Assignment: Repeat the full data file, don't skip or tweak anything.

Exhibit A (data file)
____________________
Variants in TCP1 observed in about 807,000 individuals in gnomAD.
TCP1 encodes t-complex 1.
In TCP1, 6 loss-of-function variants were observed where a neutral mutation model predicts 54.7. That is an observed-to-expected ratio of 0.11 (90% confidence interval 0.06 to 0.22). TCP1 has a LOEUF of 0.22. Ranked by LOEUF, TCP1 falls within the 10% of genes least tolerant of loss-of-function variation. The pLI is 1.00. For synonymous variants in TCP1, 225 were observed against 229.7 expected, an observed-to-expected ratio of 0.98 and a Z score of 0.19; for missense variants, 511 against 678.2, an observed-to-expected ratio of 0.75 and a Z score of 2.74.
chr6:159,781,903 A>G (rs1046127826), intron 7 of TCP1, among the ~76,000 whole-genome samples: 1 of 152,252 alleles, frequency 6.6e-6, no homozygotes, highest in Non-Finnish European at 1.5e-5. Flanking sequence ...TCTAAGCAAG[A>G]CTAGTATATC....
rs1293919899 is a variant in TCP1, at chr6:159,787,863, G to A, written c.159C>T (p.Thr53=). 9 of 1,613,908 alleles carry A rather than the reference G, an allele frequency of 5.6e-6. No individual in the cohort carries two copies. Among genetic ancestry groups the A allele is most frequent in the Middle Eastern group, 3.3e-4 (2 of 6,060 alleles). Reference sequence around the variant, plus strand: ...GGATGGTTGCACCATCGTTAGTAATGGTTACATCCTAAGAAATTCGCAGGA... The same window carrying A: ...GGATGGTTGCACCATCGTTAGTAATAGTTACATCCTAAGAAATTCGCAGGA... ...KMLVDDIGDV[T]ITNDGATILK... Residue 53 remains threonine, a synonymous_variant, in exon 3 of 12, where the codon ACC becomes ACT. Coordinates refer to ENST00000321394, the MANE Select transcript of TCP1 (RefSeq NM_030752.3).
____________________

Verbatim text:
Variants in TCP1 observed in about 807,000 individuals in gnomAD.
TCP1 encodes t-complex 1.
In TCP1, 6 loss-of-function variants were observed where a neutral mutation model predicts 54.7. That is an observed-to-expected ratio of 0.11 (90% confidence interval 0.06 to 0.22). TCP1 has a LOEUF of 0.22. Ranked by LOEUF, TCP1 falls within the 10% of genes least tolerant of loss-of-function variation. The pLI is 1.00. For synonymous variants in TCP1, 225 were observed against 229.7 expected, an observed-to-expected ratio of 0.98 and a Z score of 0.19; for missense variants, 511 against 678.2, an observed-to-expected ratio of 0.75 and a Z score of 2.74.
chr6:159,781,903 A>G (rs1046127826), intron 7 of TCP1, among the ~76,000 whole-genome samples: 1 of 152,252 alleles, frequency 6.6e-6, no homozygotes, highest in Non-Finnish European at 1.5e-5. Flanking sequence ...TCTAAGCAAG[A>G]CTAGTATATC....
rs1293919899 is a variant in TCP1, at chr6:159,787,863, G to A, written c.159C>T (p.Thr53=). 9 of 1,613,908 alleles carry A rather than the reference G, an allele frequency of 5.6e-6. No individual in the cohort carries two copies. Among genetic ancestry groups the A allele is most frequent in the Middle Eastern group, 3.3e-4 (2 of 6,060 alleles). Reference sequence around the variant, plus strand: ...GGATGGTTGCACCATCGTTAGTAATGGTTACATCCTAAGAAATTCGCAGGA... The same window carrying A: ...GGATGGTTGCACCATCGTTAGTAATAGTTACATCCTAAGAAATTCGCAGGA... ...KMLVDDIGDV[T]ITNDGATILK... Residue 53 remains threonine, a synonymous_variant, in exon 3 of 12, where the codon ACC becomes ACT. Coordinates refer to ENST00000321394, the MANE Select transcript of TCP1 (RefSeq NM_030752.3).